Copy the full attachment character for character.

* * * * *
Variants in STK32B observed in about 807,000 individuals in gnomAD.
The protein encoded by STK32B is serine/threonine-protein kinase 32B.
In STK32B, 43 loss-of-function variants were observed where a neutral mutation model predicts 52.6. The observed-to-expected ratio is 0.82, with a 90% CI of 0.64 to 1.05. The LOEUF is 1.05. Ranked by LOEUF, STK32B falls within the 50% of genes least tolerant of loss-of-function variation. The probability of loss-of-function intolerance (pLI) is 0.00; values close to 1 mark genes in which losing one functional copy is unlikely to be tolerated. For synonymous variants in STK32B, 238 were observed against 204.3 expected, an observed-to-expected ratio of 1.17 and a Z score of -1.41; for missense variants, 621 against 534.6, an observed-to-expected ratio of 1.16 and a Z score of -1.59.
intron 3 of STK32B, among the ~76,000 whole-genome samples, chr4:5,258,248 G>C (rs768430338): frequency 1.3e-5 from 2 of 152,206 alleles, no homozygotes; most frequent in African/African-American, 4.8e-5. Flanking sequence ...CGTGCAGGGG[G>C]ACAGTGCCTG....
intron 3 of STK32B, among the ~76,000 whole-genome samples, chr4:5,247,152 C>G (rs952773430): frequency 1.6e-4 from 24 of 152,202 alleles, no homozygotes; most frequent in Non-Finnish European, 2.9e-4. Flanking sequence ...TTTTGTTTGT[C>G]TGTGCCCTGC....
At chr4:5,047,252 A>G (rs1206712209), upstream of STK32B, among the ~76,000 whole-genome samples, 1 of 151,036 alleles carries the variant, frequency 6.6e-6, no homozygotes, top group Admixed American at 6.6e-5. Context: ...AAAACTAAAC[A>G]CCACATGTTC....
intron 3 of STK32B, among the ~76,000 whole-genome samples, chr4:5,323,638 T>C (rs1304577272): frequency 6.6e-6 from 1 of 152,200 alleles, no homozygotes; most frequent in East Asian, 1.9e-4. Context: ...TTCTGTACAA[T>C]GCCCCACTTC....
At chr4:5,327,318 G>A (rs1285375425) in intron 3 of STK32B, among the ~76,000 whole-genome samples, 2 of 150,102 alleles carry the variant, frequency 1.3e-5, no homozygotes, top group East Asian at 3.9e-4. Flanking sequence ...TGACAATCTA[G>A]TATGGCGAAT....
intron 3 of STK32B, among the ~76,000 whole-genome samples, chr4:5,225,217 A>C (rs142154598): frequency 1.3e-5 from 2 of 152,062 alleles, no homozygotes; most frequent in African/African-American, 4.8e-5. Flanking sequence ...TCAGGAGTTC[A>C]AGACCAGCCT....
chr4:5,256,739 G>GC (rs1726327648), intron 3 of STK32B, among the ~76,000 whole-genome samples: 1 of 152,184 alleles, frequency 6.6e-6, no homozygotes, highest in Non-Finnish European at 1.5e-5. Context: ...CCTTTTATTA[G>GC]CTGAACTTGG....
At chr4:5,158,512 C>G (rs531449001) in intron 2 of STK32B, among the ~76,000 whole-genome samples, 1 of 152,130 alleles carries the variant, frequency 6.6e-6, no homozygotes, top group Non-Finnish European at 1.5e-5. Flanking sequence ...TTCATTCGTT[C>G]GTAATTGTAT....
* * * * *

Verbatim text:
Variants in STK32B observed in about 807,000 individuals in gnomAD.
The protein encoded by STK32B is serine/threonine-protein kinase 32B.
In STK32B, 43 loss-of-function variants were observed where a neutral mutation model predicts 52.6. The observed-to-expected ratio is 0.82, with a 90% CI of 0.64 to 1.05. The LOEUF is 1.05. Ranked by LOEUF, STK32B falls within the 50% of genes least tolerant of loss-of-function variation. The probability of loss-of-function intolerance (pLI) is 0.00; values close to 1 mark genes in which losing one functional copy is unlikely to be tolerated. For synonymous variants in STK32B, 238 were observed against 204.3 expected, an observed-to-expected ratio of 1.17 and a Z score of -1.41; for missense variants, 621 against 534.6, an observed-to-expected ratio of 1.16 and a Z score of -1.59.
intron 3 of STK32B, among the ~76,000 whole-genome samples, chr4:5,258,248 G>C (rs768430338): frequency 1.3e-5 from 2 of 152,206 alleles, no homozygotes; most frequent in African/African-American, 4.8e-5. Flanking sequence ...CGTGCAGGGG[G>C]ACAGTGCCTG....
intron 3 of STK32B, among the ~76,000 whole-genome samples, chr4:5,247,152 C>G (rs952773430): frequency 1.6e-4 from 24 of 152,202 alleles, no homozygotes; most frequent in Non-Finnish European, 2.9e-4. Flanking sequence ...TTTTGTTTGT[C>G]TGTGCCCTGC....
At chr4:5,047,252 A>G (rs1206712209), upstream of STK32B, among the ~76,000 whole-genome samples, 1 of 151,036 alleles carries the variant, frequency 6.6e-6, no homozygotes, top group Admixed American at 6.6e-5. Context: ...AAAACTAAAC[A>G]CCACATGTTC....
intron 3 of STK32B, among the ~76,000 whole-genome samples, chr4:5,323,638 T>C (rs1304577272): frequency 6.6e-6 from 1 of 152,200 alleles, no homozygotes; most frequent in East Asian, 1.9e-4. Context: ...TTCTGTACAA[T>C]GCCCCACTTC....
At chr4:5,327,318 G>A (rs1285375425) in intron 3 of STK32B, among the ~76,000 whole-genome samples, 2 of 150,102 alleles carry the variant, frequency 1.3e-5, no homozygotes, top group East Asian at 3.9e-4. Flanking sequence ...TGACAATCTA[G>A]TATGGCGAAT....
intron 3 of STK32B, among the ~76,000 whole-genome samples, chr4:5,225,217 A>C (rs142154598): frequency 1.3e-5 from 2 of 152,062 alleles, no homozygotes; most frequent in African/African-American, 4.8e-5. Flanking sequence ...TCAGGAGTTC[A>C]AGACCAGCCT....
chr4:5,256,739 G>GC (rs1726327648), intron 3 of STK32B, among the ~76,000 whole-genome samples: 1 of 152,184 alleles, frequency 6.6e-6, no homozygotes, highest in Non-Finnish European at 1.5e-5. Context: ...CCTTTTATTA[G>GC]CTGAACTTGG....
At chr4:5,158,512 C>G (rs531449001) in intron 2 of STK32B, among the ~76,000 whole-genome samples, 1 of 152,130 alleles carries the variant, frequency 6.6e-6, no homozygotes, top group Non-Finnish European at 1.5e-5. Flanking sequence ...TTCATTCGTT[C>G]GTAATTGTAT....